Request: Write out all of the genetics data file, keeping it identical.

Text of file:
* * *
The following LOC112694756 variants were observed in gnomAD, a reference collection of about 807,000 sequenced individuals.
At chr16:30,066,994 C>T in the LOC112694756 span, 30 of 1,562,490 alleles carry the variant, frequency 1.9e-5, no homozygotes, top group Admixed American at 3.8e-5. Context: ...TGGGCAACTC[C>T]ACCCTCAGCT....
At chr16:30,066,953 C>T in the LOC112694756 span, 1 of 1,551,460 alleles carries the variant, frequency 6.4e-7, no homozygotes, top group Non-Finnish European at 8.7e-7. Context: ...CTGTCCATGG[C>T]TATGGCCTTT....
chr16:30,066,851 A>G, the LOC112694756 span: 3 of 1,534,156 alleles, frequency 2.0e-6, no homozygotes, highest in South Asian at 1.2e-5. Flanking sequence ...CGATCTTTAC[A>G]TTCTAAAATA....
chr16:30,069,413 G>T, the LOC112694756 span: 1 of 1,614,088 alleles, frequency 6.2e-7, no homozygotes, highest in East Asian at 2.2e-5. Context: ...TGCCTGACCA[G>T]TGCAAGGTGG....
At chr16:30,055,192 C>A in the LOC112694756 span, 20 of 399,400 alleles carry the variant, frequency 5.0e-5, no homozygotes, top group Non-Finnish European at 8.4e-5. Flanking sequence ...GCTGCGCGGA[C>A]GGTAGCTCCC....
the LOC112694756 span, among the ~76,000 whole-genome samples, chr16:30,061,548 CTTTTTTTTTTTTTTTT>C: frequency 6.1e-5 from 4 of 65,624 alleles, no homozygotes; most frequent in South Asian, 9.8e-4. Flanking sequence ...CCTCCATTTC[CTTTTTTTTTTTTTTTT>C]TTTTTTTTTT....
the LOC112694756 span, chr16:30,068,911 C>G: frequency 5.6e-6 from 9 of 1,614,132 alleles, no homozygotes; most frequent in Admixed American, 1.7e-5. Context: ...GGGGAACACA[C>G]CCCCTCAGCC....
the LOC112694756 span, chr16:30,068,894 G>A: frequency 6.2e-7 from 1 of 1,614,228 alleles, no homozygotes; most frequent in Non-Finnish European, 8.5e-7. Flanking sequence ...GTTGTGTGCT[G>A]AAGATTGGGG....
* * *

The following LOC112694756 variants were observed in gnomAD, a reference collection of about 807,000 sequenced individuals.
At chr16:30,066,994 C>T in the LOC112694756 span, 30 of 1,562,490 alleles carry the variant, frequency 1.9e-5, no homozygotes, top group Admixed American at 3.8e-5. Context: ...TGGGCAACTC[C>T]ACCCTCAGCT....
At chr16:30,066,953 C>T in the LOC112694756 span, 1 of 1,551,460 alleles carries the variant, frequency 6.4e-7, no homozygotes, top group Non-Finnish European at 8.7e-7. Context: ...CTGTCCATGG[C>T]TATGGCCTTT....
chr16:30,066,851 A>G, the LOC112694756 span: 3 of 1,534,156 alleles, frequency 2.0e-6, no homozygotes, highest in South Asian at 1.2e-5. Flanking sequence ...CGATCTTTAC[A>G]TTCTAAAATA....
chr16:30,069,413 G>T, the LOC112694756 span: 1 of 1,614,088 alleles, frequency 6.2e-7, no homozygotes, highest in East Asian at 2.2e-5. Context: ...TGCCTGACCA[G>T]TGCAAGGTGG....
At chr16:30,055,192 C>A in the LOC112694756 span, 20 of 399,400 alleles carry the variant, frequency 5.0e-5, no homozygotes, top group Non-Finnish European at 8.4e-5. Flanking sequence ...GCTGCGCGGA[C>A]GGTAGCTCCC....
the LOC112694756 span, among the ~76,000 whole-genome samples, chr16:30,061,548 CTTTTTTTTTTTTTTTT>C: frequency 6.1e-5 from 4 of 65,624 alleles, no homozygotes; most frequent in South Asian, 9.8e-4. Flanking sequence ...CCTCCATTTC[CTTTTTTTTTTTTTTTT>C]TTTTTTTTTT....
the LOC112694756 span, chr16:30,068,911 C>G: frequency 5.6e-6 from 9 of 1,614,132 alleles, no homozygotes; most frequent in Admixed American, 1.7e-5. Context: ...GGGGAACACA[C>G]CCCCTCAGCC....
the LOC112694756 span, chr16:30,068,894 G>A: frequency 6.2e-7 from 1 of 1,614,228 alleles, no homozygotes; most frequent in Non-Finnish European, 8.5e-7. Flanking sequence ...GTTGTGTGCT[G>A]AAGATTGGGG....